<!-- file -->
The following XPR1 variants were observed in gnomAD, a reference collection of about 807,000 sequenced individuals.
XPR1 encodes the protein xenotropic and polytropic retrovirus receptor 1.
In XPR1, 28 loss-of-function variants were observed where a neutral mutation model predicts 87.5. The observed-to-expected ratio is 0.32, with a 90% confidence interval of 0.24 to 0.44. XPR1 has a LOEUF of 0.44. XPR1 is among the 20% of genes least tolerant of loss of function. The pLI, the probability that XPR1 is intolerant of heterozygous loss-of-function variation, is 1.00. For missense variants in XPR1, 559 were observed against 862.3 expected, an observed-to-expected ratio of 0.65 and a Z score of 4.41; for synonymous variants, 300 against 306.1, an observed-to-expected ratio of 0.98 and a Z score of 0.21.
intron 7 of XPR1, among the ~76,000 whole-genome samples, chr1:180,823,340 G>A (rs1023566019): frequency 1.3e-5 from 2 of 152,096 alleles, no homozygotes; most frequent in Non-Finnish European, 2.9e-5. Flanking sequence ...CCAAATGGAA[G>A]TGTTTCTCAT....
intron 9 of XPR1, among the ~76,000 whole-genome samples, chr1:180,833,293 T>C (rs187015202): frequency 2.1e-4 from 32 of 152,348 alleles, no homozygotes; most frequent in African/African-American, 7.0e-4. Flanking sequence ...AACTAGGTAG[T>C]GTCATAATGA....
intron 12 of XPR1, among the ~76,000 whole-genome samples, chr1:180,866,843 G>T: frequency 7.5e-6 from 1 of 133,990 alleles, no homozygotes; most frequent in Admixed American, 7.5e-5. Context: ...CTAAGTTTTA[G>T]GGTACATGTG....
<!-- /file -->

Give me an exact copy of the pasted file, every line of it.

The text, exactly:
The following XPR1 variants were observed in gnomAD, a reference collection of about 807,000 sequenced individuals.
XPR1 encodes the protein xenotropic and polytropic retrovirus receptor 1.
In XPR1, 28 loss-of-function variants were observed where a neutral mutation model predicts 87.5. The observed-to-expected ratio is 0.32, with a 90% confidence interval of 0.24 to 0.44. XPR1 has a LOEUF of 0.44. XPR1 is among the 20% of genes least tolerant of loss of function. The pLI, the probability that XPR1 is intolerant of heterozygous loss-of-function variation, is 1.00. For missense variants in XPR1, 559 were observed against 862.3 expected, an observed-to-expected ratio of 0.65 and a Z score of 4.41; for synonymous variants, 300 against 306.1, an observed-to-expected ratio of 0.98 and a Z score of 0.21.
intron 7 of XPR1, among the ~76,000 whole-genome samples, chr1:180,823,340 G>A (rs1023566019): frequency 1.3e-5 from 2 of 152,096 alleles, no homozygotes; most frequent in Non-Finnish European, 2.9e-5. Flanking sequence ...CCAAATGGAA[G>A]TGTTTCTCAT....
intron 9 of XPR1, among the ~76,000 whole-genome samples, chr1:180,833,293 T>C (rs187015202): frequency 2.1e-4 from 32 of 152,348 alleles, no homozygotes; most frequent in African/African-American, 7.0e-4. Flanking sequence ...AACTAGGTAG[T>C]GTCATAATGA....
intron 12 of XPR1, among the ~76,000 whole-genome samples, chr1:180,866,843 G>T: frequency 7.5e-6 from 1 of 133,990 alleles, no homozygotes; most frequent in Admixed American, 7.5e-5. Context: ...CTAAGTTTTA[G>T]GGTACATGTG....